#177: Coprinoid Mushrooms
Coprinoid mushrooms are easy to recognize, at least in theory. Many coprinoid mushrooms have gills that liquefy (“deliquesce”) at maturity, which readily distinguishes them from normal agarics. These fungi produce purple-brown to black spores, so liquefied gills often end up looking like an inky mess. As a result, coprinoid mushrooms are often called “Inky Caps.” Coprinoid mushrooms with gills that do not deliquesce can be identified by their central stipes, dark spores, and relatively thin and fragile flesh.
If classic, toadstool-type mushrooms are like golf umbrellas, then coprinoid mushrooms are like parasols. Coprinoid mushrooms have a central stipe and a pileus that is usually conic to bell-shaped. In some species, the pileus becomes flat in age and maybe even upturned. These mushrooms generally have thin, fragile flesh, but there are a few more substantial species. The gills are either free or attached to the stipe and often liquefy at maturity.1 If the gills deliquesce, it proceeds from the outside in so that the gills liquefy just as the spores become mature.2 Because of the thin flesh and deliquescence, these mushrooms are ephemeral. I find they often disappear completely by noon. Coprinoid mushrooms produce very dark spore prints, which helps distinguish the group from most other mushrooms. The spores range in color from black to purple-brown.1 The mushrooms may or may not have a partial veil and/or universal veil. Currently, inky caps are divided among four genera: Coprinellus, Coprinopsis, Parasola, and Coprinus.1,2
Coprinellus and Coprinopsis make up the bulk of the inky caps and most closely match the general description above. The two genera are very similar, so you should use a recent key to accurately differentiate between the two genera.2 As far as I can tell (based on information from 2006), Coprinellus does not have a partial veil (and therefore has no ring) and lacks deliquescent gills while Coprinopsis has a partial veil that leaves a ring and has deliquescent gills.1 Additionally, Coprinopsis species more often produce universal veils that leave warts or patches.3Parasola includes tiny mushrooms that most closely resemble parasols. The mushrooms have very thin flesh and usually feature deep radial grooves that extend from near the center of the pileus to the cap margin. This arrangement immediately calls to mind an image of a flimsy umbrella. Parasola mushrooms also have gills that deliquesce slowly. Additionally, these mushrooms never produce a universal veil and therefore lack any kind of warts, patches or granules. Unfortunately, this last feature cannot be used by the identifier rule out other coprinoid genera, since the mushrooms may have lost their pileal adornments due to rain or another external factor.1,2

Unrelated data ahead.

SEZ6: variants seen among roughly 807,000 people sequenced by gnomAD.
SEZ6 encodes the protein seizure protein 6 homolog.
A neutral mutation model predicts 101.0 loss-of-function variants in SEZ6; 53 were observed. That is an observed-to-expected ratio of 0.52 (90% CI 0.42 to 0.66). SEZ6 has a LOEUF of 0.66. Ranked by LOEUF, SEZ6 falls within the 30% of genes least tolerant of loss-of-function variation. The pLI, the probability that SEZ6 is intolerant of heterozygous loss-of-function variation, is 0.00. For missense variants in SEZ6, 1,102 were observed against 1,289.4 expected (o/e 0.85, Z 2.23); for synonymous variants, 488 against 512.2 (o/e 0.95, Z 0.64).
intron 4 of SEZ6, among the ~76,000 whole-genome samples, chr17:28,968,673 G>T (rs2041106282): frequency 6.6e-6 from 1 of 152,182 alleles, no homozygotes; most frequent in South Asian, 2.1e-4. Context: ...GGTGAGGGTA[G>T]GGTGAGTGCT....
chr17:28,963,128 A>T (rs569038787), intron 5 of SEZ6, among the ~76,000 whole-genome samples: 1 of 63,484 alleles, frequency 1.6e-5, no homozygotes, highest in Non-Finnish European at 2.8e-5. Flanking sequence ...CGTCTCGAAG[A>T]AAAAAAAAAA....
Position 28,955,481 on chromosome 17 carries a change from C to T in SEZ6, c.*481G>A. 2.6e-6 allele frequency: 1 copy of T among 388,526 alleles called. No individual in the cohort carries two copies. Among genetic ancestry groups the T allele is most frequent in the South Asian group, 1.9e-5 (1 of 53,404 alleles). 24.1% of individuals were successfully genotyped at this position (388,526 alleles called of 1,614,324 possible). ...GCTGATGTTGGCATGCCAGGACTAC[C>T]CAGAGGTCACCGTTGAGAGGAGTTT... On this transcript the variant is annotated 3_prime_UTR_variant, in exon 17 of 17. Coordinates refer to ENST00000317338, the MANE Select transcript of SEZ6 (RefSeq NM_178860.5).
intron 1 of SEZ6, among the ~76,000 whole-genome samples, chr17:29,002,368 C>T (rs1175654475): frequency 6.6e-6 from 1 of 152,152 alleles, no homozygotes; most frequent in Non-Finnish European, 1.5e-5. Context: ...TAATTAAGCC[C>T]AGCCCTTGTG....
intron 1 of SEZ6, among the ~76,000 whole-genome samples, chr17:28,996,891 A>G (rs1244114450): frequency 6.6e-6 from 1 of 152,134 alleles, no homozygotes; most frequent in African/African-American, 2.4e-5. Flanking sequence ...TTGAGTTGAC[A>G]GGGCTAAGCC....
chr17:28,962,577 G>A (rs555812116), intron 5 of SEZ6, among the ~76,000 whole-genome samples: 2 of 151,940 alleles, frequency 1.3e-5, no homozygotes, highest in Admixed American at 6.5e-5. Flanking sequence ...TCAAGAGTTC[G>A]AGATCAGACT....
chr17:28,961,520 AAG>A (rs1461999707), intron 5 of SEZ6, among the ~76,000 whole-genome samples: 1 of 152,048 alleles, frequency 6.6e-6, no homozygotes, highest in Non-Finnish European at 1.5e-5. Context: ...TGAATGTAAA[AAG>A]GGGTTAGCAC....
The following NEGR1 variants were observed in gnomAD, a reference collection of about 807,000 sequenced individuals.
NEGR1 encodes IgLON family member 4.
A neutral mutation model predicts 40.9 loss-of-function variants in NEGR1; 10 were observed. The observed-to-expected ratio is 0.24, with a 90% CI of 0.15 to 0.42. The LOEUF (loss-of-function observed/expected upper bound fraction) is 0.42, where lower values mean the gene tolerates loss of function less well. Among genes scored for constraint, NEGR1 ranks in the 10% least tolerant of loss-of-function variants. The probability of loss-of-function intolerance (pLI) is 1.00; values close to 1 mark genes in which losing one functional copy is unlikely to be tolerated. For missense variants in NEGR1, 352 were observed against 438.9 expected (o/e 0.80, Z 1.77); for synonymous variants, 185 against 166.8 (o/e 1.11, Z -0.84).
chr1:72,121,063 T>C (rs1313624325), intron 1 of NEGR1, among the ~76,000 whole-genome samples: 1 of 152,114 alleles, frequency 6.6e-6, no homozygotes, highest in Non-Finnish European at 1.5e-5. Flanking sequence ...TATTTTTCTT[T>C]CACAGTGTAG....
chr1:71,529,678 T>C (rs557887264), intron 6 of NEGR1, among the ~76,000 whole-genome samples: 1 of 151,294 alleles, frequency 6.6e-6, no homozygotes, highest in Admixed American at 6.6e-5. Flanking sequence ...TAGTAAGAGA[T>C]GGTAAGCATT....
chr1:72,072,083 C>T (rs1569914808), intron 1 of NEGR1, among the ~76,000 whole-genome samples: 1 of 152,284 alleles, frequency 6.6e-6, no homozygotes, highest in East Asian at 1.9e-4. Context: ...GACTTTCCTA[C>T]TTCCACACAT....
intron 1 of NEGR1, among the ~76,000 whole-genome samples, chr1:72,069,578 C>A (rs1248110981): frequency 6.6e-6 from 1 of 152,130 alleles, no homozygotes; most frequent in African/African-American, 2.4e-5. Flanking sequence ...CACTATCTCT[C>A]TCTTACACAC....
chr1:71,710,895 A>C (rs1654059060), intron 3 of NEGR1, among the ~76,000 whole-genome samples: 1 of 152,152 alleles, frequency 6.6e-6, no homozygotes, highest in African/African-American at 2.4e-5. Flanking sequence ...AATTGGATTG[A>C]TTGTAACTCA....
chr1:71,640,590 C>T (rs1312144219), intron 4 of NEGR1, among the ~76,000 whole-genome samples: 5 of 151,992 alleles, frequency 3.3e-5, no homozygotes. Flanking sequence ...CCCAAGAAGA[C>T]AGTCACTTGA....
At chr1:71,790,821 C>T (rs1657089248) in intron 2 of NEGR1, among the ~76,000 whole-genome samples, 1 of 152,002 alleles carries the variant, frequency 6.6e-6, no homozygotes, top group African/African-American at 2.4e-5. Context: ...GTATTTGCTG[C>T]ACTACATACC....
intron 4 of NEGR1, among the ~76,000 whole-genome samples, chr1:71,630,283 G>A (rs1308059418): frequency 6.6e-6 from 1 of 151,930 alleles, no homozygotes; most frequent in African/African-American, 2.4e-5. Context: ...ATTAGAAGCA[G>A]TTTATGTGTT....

Coprinus is characterized by large, sturdy inky caps. These mushrooms have thick flesh compared to other coprinoid mushrooms but their gills do liquefy, making it impossible to confuse them with any other group.1 Coprinus species also have a partial veil that leaves a ring, a cord-like bundle of hyphae that runs up the center of the stipe, and gills that often start pinkish before turning black.2 Many Coprinus mushrooms, such as the well-known C. comatus, feature scaly caps that are nearly cylindrical before they begin to open.1
The genera Psathyrella and Panaeolus are sometimes included in the coprinoid mushrooms. I decided to include them here because they are closely related to the main group of coprinoid mushrooms4 and because they generally have darker spore prints than the strophariaceae.1 None of the mushrooms in Psathyrella or Panaeolus have deliquescent gills, so they’re usually not called “Inky Caps.”Psathyrella mushrooms have a thicker pileus than most coprinoid mushrooms, but their stipes are distinctly flimsy. This genus is known for producing mushrooms with stipes that snap in half cleanly and easily. These mushrooms are small to medium in size, are brown to gray in color, have a conic to bell-shaped to convex pileus, have gills that are attached to the stipe, and produce black to purple-gray to brown spores. Many Psathyrella species are hygrophanous, meaning they change colors as they dry out.1,4,5
Panaeolus consists mainly of “Little Brown Mushrooms” (LBMs). These mushrooms are small, are grayish or brownish, have thin flesh, have conic or bell-shaped pilei, produce a purple-brown to black spore print, and have gills that are mottled with various shades of black.1,6 Their small size means that they display relatively few features and are not particularly interesting.